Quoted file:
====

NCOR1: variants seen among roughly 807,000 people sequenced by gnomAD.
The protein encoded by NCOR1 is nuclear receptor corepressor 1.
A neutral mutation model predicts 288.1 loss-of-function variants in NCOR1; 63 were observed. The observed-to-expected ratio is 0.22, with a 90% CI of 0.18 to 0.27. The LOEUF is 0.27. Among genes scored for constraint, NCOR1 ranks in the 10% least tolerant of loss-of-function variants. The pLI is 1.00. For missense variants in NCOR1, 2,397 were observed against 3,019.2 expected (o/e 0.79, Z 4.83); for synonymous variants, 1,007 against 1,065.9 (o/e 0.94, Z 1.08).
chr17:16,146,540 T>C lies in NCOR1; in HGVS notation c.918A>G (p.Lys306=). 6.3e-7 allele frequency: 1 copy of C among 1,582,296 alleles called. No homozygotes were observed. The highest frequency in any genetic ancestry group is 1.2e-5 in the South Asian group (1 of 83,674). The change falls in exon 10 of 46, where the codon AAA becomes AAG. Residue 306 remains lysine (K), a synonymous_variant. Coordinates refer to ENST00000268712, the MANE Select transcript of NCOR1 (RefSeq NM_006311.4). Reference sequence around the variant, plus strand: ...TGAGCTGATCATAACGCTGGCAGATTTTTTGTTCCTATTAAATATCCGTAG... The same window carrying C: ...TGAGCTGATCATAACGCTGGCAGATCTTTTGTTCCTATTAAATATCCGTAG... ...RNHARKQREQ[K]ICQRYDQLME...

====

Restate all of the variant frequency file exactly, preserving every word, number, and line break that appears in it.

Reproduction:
NCOR1: variants seen among roughly 807,000 people sequenced by gnomAD.
The protein encoded by NCOR1 is nuclear receptor corepressor 1.
A neutral mutation model predicts 288.1 loss-of-function variants in NCOR1; 63 were observed. The observed-to-expected ratio is 0.22, with a 90% CI of 0.18 to 0.27. The LOEUF is 0.27. Among genes scored for constraint, NCOR1 ranks in the 10% least tolerant of loss-of-function variants. The pLI is 1.00. For missense variants in NCOR1, 2,397 were observed against 3,019.2 expected (o/e 0.79, Z 4.83); for synonymous variants, 1,007 against 1,065.9 (o/e 0.94, Z 1.08).
chr17:16,146,540 T>C lies in NCOR1; in HGVS notation c.918A>G (p.Lys306=). 6.3e-7 allele frequency: 1 copy of C among 1,582,296 alleles called. No homozygotes were observed. The highest frequency in any genetic ancestry group is 1.2e-5 in the South Asian group (1 of 83,674). The change falls in exon 10 of 46, where the codon AAA becomes AAG. Residue 306 remains lysine (K), a synonymous_variant. Coordinates refer to ENST00000268712, the MANE Select transcript of NCOR1 (RefSeq NM_006311.4). Reference sequence around the variant, plus strand: ...TGAGCTGATCATAACGCTGGCAGATTTTTTGTTCCTATTAAATATCCGTAG... The same window carrying C: ...TGAGCTGATCATAACGCTGGCAGATCTTTTGTTCCTATTAAATATCCGTAG... ...RNHARKQREQ[K]ICQRYDQLME...